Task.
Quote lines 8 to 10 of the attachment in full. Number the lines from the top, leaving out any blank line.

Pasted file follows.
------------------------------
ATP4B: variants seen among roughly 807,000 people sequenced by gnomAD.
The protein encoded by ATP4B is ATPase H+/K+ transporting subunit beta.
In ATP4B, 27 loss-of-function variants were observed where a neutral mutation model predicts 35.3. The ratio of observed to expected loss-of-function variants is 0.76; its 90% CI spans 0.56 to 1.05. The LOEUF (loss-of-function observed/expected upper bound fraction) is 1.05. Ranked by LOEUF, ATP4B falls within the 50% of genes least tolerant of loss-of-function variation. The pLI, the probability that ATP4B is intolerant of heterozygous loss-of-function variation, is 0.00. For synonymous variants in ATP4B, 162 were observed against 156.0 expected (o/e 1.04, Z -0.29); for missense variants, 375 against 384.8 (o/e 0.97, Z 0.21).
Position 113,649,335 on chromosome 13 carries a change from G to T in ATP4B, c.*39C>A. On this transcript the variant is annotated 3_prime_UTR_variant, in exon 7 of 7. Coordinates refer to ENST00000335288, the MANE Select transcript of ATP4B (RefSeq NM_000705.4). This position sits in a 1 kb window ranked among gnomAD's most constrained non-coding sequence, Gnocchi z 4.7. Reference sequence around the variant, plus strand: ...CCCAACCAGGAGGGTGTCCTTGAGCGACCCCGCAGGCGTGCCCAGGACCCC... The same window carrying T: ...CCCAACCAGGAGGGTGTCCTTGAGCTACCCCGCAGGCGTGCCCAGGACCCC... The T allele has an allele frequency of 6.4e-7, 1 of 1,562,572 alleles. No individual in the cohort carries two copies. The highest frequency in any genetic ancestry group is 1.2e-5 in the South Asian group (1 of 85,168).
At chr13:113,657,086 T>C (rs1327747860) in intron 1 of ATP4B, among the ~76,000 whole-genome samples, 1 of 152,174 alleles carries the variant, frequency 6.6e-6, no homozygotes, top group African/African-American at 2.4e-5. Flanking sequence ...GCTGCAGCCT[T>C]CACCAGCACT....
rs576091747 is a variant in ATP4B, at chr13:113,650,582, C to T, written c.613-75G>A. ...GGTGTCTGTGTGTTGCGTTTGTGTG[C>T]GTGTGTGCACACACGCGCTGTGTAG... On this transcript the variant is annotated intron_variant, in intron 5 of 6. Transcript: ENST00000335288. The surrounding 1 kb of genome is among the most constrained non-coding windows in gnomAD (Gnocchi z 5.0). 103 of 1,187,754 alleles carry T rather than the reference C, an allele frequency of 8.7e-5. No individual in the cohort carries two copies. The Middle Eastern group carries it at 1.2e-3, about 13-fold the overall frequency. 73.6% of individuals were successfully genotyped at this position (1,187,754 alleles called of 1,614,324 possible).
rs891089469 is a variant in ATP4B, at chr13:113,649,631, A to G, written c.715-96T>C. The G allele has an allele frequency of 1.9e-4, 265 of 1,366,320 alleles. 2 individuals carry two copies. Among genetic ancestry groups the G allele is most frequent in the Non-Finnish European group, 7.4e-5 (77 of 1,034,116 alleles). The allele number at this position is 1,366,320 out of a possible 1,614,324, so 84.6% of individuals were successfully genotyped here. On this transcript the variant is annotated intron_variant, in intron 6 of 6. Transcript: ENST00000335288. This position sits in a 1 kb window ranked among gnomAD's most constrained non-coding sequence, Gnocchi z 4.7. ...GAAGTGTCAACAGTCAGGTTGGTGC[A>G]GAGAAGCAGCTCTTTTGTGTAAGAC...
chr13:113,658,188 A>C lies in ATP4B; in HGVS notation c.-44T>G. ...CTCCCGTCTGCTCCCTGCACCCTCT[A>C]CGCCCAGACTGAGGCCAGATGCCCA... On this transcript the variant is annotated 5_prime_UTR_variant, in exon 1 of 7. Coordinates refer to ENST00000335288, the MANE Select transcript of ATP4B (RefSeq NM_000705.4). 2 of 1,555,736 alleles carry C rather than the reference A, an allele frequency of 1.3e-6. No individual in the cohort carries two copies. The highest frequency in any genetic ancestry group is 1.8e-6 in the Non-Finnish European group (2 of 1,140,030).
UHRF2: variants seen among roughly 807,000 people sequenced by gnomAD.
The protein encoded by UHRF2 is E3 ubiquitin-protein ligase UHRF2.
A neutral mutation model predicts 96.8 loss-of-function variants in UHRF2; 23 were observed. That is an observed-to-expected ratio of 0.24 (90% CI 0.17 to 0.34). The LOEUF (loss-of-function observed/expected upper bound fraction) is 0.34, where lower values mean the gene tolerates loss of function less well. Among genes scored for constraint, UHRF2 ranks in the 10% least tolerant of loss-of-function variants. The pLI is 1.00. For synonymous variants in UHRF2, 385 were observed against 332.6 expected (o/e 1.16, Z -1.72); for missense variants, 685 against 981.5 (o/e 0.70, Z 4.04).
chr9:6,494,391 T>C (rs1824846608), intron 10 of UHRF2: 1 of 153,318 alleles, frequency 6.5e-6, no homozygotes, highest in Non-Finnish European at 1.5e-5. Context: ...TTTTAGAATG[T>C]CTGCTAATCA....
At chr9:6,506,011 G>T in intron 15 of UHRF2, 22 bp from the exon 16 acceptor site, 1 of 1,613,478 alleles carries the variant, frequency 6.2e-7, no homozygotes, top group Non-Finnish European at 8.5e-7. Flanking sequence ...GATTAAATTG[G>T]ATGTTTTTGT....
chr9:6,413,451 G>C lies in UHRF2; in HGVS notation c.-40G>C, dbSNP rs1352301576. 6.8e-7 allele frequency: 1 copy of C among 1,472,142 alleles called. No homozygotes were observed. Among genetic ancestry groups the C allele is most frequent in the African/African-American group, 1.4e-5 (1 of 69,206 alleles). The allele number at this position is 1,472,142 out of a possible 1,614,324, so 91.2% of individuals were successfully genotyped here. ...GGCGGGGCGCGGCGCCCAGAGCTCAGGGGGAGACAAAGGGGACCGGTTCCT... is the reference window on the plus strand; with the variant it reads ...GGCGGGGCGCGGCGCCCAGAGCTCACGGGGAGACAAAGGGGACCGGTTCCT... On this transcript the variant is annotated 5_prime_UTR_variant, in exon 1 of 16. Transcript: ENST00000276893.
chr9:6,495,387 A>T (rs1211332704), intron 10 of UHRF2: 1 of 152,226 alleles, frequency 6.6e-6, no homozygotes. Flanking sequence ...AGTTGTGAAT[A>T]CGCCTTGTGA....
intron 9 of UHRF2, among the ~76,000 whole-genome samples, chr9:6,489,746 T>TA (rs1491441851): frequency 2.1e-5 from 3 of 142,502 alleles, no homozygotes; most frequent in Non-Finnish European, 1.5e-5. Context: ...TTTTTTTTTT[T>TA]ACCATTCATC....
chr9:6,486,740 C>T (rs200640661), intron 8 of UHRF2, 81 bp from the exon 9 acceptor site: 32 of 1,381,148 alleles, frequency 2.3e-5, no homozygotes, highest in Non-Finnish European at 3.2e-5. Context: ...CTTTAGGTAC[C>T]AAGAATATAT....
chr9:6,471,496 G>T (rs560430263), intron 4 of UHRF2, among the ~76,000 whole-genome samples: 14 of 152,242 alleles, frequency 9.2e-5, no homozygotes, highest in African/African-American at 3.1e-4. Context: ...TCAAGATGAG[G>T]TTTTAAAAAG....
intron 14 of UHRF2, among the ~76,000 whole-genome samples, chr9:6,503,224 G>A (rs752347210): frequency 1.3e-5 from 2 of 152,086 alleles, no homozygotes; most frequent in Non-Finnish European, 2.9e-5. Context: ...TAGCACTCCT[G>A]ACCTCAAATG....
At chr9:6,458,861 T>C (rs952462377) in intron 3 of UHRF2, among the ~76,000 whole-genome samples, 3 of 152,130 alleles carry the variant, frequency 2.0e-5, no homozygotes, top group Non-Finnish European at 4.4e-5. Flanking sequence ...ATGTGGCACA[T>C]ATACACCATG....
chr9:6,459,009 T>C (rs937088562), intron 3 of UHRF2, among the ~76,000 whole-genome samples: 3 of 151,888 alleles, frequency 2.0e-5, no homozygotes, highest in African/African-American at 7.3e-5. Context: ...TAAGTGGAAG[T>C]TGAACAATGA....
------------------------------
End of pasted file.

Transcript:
chr13:113,658,188 A>C lies in ATP4B; in HGVS notation c.-44T>G. ...CTCCCGTCTGCTCCCTGCACCCTCT[A>C]CGCCCAGACTGAGGCCAGATGCCCA... On this transcript the variant is annotated 5_prime_UTR_variant, in exon 1 of 7. Coordinates refer to ENST00000335288, the MANE Select transcript of ATP4B (RefSeq NM_000705.4). 2 of 1,555,736 alleles carry C rather than the reference A, an allele frequency of 1.3e-6. No individual in the cohort carries two copies. The highest frequency in any genetic ancestry group is 1.8e-6 in the Non-Finnish European group (2 of 1,140,030).
UHRF2: variants seen among roughly 807,000 people sequenced by gnomAD.
The protein encoded by UHRF2 is E3 ubiquitin-protein ligase UHRF2.